U.K. university leavers face a double boon this summer, with both graduate vacancies and wages seen up on last year.» Read More
A move announced by central bankers on Wednesday to contain the European debt crisis resulted in euphoria in global stock markets, but it also prompted skeptics to wonder: will this time be different? The New York Times reports.
In a stern pronouncement, Moody’s Investors Service this week warned of rising prospects for multiple defaults by countries in the euro zone and credit rating downgrades of nations across Europe if leaders should fail to resolve the spreading debt crisis. The NYT reports.
NBC's Ali Arouzi has the latest details on protesters storming the British Embassy in Tehran because of sanctions imposed by Britain on Iran's nuclear program, and discussing the likely outcome from this latest attack, with Gen. Wesley Clark, U.S. Army (retired); Ken Timmerman, Foundation for Democracy in Iran; and Marc Ginsberg, former U.S. ambassador to Morocco.
About $200 million in customer money that vanished from MF Global is believed to have surfaced at JPMorgan Chase in Britain, according to people briefed on the matter. The New York Times reports.
Ben Broadbent, member of the Bank of England's Monetary Policy Committee, told CNBC, " it is true that there are still significant parts of the economy that are constrained by a lack of supply of credit from the banking system."
There is clearly a risk that the UK will head into recession in the final quarter of the year, the Bank of England's Monetary Policy Committee member Ben Broadbent told CNBC Thursday.
UK inflation, currently at 5 percent, is hitting those aged between 45 and 65 known as the baby boomer generation hardest, a new report has found.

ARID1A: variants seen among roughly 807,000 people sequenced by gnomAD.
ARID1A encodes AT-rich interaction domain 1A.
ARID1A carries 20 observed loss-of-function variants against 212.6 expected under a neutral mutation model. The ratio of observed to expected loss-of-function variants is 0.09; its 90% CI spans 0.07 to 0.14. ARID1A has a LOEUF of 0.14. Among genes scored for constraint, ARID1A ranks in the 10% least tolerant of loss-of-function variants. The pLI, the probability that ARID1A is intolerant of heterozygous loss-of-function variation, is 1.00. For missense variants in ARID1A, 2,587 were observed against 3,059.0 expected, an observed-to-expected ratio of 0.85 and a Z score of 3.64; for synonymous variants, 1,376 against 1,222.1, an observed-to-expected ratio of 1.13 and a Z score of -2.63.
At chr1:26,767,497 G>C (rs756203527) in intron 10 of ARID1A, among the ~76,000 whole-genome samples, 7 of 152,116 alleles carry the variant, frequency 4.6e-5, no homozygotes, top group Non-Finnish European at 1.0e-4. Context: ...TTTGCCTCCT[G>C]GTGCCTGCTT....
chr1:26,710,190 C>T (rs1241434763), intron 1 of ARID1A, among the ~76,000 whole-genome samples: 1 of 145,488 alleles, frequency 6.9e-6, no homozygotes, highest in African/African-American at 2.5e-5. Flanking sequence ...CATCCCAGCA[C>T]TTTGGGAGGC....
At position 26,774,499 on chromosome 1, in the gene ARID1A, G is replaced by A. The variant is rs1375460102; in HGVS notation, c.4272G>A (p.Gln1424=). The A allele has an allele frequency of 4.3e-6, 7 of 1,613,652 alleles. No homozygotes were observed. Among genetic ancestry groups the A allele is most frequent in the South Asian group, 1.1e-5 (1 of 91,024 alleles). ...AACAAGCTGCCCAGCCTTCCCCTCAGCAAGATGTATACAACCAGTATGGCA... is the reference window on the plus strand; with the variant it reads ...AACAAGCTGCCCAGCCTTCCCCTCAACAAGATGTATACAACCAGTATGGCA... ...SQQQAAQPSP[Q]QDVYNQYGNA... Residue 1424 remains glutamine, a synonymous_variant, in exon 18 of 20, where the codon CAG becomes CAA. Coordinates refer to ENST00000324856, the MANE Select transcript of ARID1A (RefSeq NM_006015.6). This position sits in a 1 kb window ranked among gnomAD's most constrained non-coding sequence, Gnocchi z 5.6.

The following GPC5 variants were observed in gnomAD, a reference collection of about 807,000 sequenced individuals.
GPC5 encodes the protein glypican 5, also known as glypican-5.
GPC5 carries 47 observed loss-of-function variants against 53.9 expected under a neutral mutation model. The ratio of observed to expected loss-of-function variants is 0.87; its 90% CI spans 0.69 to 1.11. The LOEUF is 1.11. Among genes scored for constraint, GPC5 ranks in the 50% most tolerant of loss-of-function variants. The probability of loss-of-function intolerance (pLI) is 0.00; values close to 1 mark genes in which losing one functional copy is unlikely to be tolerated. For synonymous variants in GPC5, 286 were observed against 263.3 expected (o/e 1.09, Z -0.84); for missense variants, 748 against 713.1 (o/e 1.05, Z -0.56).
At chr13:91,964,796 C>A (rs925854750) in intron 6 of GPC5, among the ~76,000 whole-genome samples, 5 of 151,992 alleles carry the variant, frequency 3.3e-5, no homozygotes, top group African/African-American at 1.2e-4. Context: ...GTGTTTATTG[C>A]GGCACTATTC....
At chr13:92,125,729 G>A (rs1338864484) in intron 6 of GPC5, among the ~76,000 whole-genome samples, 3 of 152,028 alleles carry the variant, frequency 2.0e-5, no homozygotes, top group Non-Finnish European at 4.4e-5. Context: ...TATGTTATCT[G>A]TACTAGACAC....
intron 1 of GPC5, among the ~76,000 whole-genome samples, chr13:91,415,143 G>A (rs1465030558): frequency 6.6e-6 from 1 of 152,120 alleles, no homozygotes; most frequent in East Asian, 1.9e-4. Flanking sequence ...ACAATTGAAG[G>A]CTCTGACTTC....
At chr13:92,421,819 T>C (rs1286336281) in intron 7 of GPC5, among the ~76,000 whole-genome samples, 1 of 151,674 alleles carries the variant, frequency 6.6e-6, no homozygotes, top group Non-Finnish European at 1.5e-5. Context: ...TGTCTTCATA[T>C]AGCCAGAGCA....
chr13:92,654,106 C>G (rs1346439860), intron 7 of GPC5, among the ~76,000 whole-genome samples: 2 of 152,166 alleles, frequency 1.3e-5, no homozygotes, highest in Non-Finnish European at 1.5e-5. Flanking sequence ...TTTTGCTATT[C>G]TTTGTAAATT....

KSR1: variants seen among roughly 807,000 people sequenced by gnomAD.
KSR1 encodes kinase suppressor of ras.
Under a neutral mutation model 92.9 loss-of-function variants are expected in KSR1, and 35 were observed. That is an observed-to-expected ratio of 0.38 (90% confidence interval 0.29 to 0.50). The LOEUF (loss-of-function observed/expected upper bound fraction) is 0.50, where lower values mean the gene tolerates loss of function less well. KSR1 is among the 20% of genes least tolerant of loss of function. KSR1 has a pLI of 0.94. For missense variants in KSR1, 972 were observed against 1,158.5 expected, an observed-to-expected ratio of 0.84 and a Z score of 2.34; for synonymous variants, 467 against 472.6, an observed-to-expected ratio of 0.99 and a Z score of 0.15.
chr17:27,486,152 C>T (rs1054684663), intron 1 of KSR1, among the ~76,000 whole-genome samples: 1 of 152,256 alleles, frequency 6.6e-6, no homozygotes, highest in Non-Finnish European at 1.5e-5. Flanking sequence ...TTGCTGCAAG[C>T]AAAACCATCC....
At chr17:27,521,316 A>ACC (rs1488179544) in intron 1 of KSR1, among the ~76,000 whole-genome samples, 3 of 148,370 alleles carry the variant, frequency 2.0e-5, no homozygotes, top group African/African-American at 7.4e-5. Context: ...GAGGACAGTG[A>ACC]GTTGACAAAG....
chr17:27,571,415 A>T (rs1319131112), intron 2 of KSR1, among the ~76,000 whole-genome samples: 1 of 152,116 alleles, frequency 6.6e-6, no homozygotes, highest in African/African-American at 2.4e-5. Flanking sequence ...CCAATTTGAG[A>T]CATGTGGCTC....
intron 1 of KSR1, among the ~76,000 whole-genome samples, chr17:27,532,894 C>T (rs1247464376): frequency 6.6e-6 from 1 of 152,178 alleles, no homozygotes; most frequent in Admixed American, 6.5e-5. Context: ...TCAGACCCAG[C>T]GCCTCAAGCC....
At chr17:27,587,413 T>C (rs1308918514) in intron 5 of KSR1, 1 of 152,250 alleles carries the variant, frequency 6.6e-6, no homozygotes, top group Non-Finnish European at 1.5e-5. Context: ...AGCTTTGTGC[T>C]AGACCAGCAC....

It is perfectly obvious that the euro zone cannot run as it is without fiscal union and a surrender of sovereignty, Lord Digby Jones, former director general at the Confederation of British Industry told CNBC Monday.
Lord Digby Jones, former director general of the CBI, told CNBC, "Where is the sense in passing laws which say, if you work more than forty eight hours a week we will send you to prison."
As the European debt crisis threatens to engulf even France along with Italy and Spain, Bernard Connolly's longstanding proposition that a common currency for the region would end in ruin is getting a wider hearing.
Occupy London Stock Exchange demonstrators announced on Friday they had “repossessed” a building belonging to Swiss investment bank UBS in Hackney East London.
As investors’ fears mount that many euro area nations are about to tip into recession, even countries like creditworthy France are finding it much more expensive to borrow money in the open market, the New York Times reports.
Brian Hilliard, chief UK economist at SG,Societe Generale, told CNBC, "I think we have reached a peak in inflation and we will see a very sharp fall next year partly because of VAT falling out of the calculation and partly because it is going to be weak." He predicted growth next year to be as low as 0.7%.
German frustration over Britain’s approach to the euro zone crisis erupted on Tuesday after a close ally of Angela Merkel accused the UK of selfishness just days before a meeting between the two countries’ leaders in Berlin, the FT reports.
The City of London Corporation - the executive body representing the district in the UK’s capital - has re-launched its legal bid to evict protestors who have been encamped around St Paul’s Cathedral since October 15 after saying that negotiations with the protestors had collapsed.
Young people struggling to find a job should consider starting their own businesses, Barclays Capital co-CEO, Rich Ricci, told CNBC last week.
Workers claiming state help with childcare and housing costs will be expected to seek longer hours, or risk sanctions that could include loss of benefits or a requirement to undergo training, in a radical shift in Britain’s welfare system, the Financial Times reports.
As the bets that European banks made on United States mortgage investments went bust a few years ago, bankers piled into what they saw as a safe refuge: bonds issued by countries in Europe’s seemingly ironclad monetary union. The NYT reports.
Europe’s banking sector is ready for a shake-up as its largest financial institutions try to slim down their operations in response to the sovereign debt crisis. The NY Times repeorts.
James Murdoch repeatedly insisted in front of British MPs Thursday that he did not know that phone-hacking at the News of the World went beyond a few rogue reporters.